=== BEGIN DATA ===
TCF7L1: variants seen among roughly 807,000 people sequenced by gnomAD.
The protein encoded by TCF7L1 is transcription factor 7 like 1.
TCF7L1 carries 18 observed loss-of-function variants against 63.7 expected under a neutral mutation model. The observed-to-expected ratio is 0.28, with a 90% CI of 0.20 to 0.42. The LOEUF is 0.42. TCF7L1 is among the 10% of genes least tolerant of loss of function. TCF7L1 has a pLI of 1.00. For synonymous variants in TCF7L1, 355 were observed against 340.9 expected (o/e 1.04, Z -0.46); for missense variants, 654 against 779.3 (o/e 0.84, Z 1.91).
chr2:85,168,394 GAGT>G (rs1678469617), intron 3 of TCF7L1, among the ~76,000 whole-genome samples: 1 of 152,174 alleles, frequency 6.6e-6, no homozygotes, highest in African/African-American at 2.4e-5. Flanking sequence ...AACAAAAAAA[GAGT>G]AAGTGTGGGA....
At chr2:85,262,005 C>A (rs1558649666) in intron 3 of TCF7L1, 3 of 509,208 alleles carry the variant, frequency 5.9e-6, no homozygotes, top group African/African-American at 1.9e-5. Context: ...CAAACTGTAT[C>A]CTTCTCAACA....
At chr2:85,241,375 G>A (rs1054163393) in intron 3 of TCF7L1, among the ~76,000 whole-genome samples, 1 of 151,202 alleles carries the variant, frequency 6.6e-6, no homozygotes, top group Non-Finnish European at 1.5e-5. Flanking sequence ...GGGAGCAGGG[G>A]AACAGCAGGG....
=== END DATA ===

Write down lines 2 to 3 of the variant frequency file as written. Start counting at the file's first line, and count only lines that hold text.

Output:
The protein encoded by TCF7L1 is transcription factor 7 like 1.
TCF7L1 carries 18 observed loss-of-function variants against 63.7 expected under a neutral mutation model. The observed-to-expected ratio is 0.28, with a 90% CI of 0.20 to 0.42. The LOEUF is 0.42. TCF7L1 is among the 10% of genes least tolerant of loss of function. TCF7L1 has a pLI of 1.00. For synonymous variants in TCF7L1, 355 were observed against 340.9 expected (o/e 1.04, Z -0.46); for missense variants, 654 against 779.3 (o/e 0.84, Z 1.91).